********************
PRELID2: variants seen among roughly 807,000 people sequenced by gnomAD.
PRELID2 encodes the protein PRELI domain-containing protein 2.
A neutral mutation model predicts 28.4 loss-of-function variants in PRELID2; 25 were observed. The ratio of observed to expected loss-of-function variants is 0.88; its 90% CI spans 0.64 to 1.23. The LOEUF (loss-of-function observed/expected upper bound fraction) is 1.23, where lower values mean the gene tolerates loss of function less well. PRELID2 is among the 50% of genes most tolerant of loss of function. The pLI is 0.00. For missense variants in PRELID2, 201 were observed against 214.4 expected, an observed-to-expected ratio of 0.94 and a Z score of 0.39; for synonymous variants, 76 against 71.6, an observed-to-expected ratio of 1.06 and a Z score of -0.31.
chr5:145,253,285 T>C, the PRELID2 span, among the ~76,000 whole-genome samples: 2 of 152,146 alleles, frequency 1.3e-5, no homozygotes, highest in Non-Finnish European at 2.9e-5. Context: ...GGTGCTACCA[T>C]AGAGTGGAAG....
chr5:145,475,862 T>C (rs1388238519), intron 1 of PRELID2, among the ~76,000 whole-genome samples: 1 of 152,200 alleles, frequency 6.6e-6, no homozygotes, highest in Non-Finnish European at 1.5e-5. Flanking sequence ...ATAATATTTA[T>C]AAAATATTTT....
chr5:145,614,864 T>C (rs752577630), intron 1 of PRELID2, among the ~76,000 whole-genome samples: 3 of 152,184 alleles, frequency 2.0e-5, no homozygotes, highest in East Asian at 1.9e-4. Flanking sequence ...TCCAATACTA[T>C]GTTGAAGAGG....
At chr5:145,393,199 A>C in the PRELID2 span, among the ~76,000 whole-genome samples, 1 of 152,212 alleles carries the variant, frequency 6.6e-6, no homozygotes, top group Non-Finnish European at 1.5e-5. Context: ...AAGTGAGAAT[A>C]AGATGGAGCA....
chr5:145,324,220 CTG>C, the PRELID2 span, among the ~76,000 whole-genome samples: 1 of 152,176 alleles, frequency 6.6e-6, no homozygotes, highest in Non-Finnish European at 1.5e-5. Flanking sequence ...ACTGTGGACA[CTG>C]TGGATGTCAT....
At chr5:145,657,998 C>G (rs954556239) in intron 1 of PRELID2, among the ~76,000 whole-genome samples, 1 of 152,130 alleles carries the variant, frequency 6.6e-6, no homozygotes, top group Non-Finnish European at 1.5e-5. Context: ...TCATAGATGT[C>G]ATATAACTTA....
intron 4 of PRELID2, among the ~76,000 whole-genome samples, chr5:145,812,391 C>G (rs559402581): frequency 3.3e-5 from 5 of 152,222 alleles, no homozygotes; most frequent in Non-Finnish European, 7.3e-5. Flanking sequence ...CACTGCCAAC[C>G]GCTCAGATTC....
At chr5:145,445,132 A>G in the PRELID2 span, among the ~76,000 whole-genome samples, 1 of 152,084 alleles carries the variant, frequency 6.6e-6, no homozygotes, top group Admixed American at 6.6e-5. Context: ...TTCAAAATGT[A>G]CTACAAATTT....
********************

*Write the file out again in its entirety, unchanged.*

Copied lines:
PRELID2: variants seen among roughly 807,000 people sequenced by gnomAD.
PRELID2 encodes the protein PRELI domain-containing protein 2.
A neutral mutation model predicts 28.4 loss-of-function variants in PRELID2; 25 were observed. The ratio of observed to expected loss-of-function variants is 0.88; its 90% CI spans 0.64 to 1.23. The LOEUF (loss-of-function observed/expected upper bound fraction) is 1.23, where lower values mean the gene tolerates loss of function less well. PRELID2 is among the 50% of genes most tolerant of loss of function. The pLI is 0.00. For missense variants in PRELID2, 201 were observed against 214.4 expected, an observed-to-expected ratio of 0.94 and a Z score of 0.39; for synonymous variants, 76 against 71.6, an observed-to-expected ratio of 1.06 and a Z score of -0.31.
chr5:145,253,285 T>C, the PRELID2 span, among the ~76,000 whole-genome samples: 2 of 152,146 alleles, frequency 1.3e-5, no homozygotes, highest in Non-Finnish European at 2.9e-5. Context: ...GGTGCTACCA[T>C]AGAGTGGAAG....
chr5:145,475,862 T>C (rs1388238519), intron 1 of PRELID2, among the ~76,000 whole-genome samples: 1 of 152,200 alleles, frequency 6.6e-6, no homozygotes, highest in Non-Finnish European at 1.5e-5. Flanking sequence ...ATAATATTTA[T>C]AAAATATTTT....
chr5:145,614,864 T>C (rs752577630), intron 1 of PRELID2, among the ~76,000 whole-genome samples: 3 of 152,184 alleles, frequency 2.0e-5, no homozygotes, highest in East Asian at 1.9e-4. Flanking sequence ...TCCAATACTA[T>C]GTTGAAGAGG....
At chr5:145,393,199 A>C in the PRELID2 span, among the ~76,000 whole-genome samples, 1 of 152,212 alleles carries the variant, frequency 6.6e-6, no homozygotes, top group Non-Finnish European at 1.5e-5. Context: ...AAGTGAGAAT[A>C]AGATGGAGCA....
chr5:145,324,220 CTG>C, the PRELID2 span, among the ~76,000 whole-genome samples: 1 of 152,176 alleles, frequency 6.6e-6, no homozygotes, highest in Non-Finnish European at 1.5e-5. Flanking sequence ...ACTGTGGACA[CTG>C]TGGATGTCAT....
At chr5:145,657,998 C>G (rs954556239) in intron 1 of PRELID2, among the ~76,000 whole-genome samples, 1 of 152,130 alleles carries the variant, frequency 6.6e-6, no homozygotes, top group Non-Finnish European at 1.5e-5. Context: ...TCATAGATGT[C>G]ATATAACTTA....
intron 4 of PRELID2, among the ~76,000 whole-genome samples, chr5:145,812,391 C>G (rs559402581): frequency 3.3e-5 from 5 of 152,222 alleles, no homozygotes; most frequent in Non-Finnish European, 7.3e-5. Flanking sequence ...CACTGCCAAC[C>G]GCTCAGATTC....
At chr5:145,445,132 A>G in the PRELID2 span, among the ~76,000 whole-genome samples, 1 of 152,084 alleles carries the variant, frequency 6.6e-6, no homozygotes, top group Admixed American at 6.6e-5. Context: ...TTCAAAATGT[A>G]CTACAAATTT....